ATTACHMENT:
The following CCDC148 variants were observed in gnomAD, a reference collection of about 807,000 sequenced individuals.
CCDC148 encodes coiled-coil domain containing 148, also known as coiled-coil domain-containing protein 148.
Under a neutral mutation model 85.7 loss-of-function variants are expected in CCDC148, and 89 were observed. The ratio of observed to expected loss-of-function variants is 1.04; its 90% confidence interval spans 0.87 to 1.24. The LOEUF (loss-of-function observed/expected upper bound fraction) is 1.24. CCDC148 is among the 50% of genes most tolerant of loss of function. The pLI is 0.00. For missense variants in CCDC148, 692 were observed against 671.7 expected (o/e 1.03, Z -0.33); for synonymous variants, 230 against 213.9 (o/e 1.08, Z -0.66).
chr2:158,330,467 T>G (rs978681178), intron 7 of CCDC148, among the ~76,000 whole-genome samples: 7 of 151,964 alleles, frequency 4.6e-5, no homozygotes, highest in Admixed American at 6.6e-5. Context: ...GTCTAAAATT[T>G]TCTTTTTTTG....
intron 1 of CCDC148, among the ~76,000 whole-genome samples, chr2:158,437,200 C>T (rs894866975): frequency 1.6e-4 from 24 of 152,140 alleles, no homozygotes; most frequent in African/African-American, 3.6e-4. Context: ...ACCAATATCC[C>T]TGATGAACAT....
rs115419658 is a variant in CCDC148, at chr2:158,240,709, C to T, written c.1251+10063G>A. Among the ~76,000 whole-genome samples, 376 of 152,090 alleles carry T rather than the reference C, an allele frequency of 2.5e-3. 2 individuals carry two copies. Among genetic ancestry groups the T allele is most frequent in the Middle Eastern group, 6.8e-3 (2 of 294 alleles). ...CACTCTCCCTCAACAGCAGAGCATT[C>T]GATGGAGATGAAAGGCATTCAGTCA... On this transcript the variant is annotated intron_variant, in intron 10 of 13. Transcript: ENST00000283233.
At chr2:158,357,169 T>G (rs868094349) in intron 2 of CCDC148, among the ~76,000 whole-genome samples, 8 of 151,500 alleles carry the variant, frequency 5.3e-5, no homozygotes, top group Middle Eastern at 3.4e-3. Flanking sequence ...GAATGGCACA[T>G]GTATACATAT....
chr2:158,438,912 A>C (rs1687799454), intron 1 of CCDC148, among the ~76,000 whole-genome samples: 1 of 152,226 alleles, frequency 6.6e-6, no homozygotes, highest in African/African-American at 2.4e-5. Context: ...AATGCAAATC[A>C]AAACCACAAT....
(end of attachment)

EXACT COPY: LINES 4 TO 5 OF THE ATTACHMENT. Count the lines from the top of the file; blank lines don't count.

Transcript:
chr2:158,330,467 T>G (rs978681178), intron 7 of CCDC148, among the ~76,000 whole-genome samples: 7 of 151,964 alleles, frequency 4.6e-5, no homozygotes, highest in Admixed American at 6.6e-5. Context: ...GTCTAAAATT[T>G]TCTTTTTTTG....
intron 1 of CCDC148, among the ~76,000 whole-genome samples, chr2:158,437,200 C>T (rs894866975): frequency 1.6e-4 from 24 of 152,140 alleles, no homozygotes; most frequent in African/African-American, 3.6e-4. Context: ...ACCAATATCC[C>T]TGATGAACAT....